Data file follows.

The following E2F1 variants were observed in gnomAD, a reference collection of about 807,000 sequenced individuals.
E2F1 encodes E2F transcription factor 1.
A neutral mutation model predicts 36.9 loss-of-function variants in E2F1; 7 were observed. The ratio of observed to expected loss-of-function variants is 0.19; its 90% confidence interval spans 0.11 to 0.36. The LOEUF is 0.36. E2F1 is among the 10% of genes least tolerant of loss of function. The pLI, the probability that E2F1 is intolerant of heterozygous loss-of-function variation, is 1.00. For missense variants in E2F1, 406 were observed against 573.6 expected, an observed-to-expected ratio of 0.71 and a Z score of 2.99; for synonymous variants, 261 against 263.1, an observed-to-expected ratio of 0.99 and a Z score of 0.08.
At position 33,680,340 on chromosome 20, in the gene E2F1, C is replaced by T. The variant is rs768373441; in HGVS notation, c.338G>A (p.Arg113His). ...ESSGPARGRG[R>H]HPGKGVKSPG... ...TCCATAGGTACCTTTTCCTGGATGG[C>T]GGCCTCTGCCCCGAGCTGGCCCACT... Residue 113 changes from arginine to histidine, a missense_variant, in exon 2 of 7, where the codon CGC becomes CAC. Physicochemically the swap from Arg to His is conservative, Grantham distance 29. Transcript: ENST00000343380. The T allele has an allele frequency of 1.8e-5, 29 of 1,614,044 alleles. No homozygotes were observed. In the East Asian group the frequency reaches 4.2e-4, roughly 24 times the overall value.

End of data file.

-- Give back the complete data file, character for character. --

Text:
The following E2F1 variants were observed in gnomAD, a reference collection of about 807,000 sequenced individuals.
E2F1 encodes E2F transcription factor 1.
A neutral mutation model predicts 36.9 loss-of-function variants in E2F1; 7 were observed. The ratio of observed to expected loss-of-function variants is 0.19; its 90% confidence interval spans 0.11 to 0.36. The LOEUF is 0.36. E2F1 is among the 10% of genes least tolerant of loss of function. The pLI, the probability that E2F1 is intolerant of heterozygous loss-of-function variation, is 1.00. For missense variants in E2F1, 406 were observed against 573.6 expected, an observed-to-expected ratio of 0.71 and a Z score of 2.99; for synonymous variants, 261 against 263.1, an observed-to-expected ratio of 0.99 and a Z score of 0.08.
At position 33,680,340 on chromosome 20, in the gene E2F1, C is replaced by T. The variant is rs768373441; in HGVS notation, c.338G>A (p.Arg113His). ...ESSGPARGRG[R>H]HPGKGVKSPG... ...TCCATAGGTACCTTTTCCTGGATGG[C>T]GGCCTCTGCCCCGAGCTGGCCCACT... Residue 113 changes from arginine to histidine, a missense_variant, in exon 2 of 7, where the codon CGC becomes CAC. Physicochemically the swap from Arg to His is conservative, Grantham distance 29. Transcript: ENST00000343380. The T allele has an allele frequency of 1.8e-5, 29 of 1,614,044 alleles. No homozygotes were observed. In the East Asian group the frequency reaches 4.2e-4, roughly 24 times the overall value.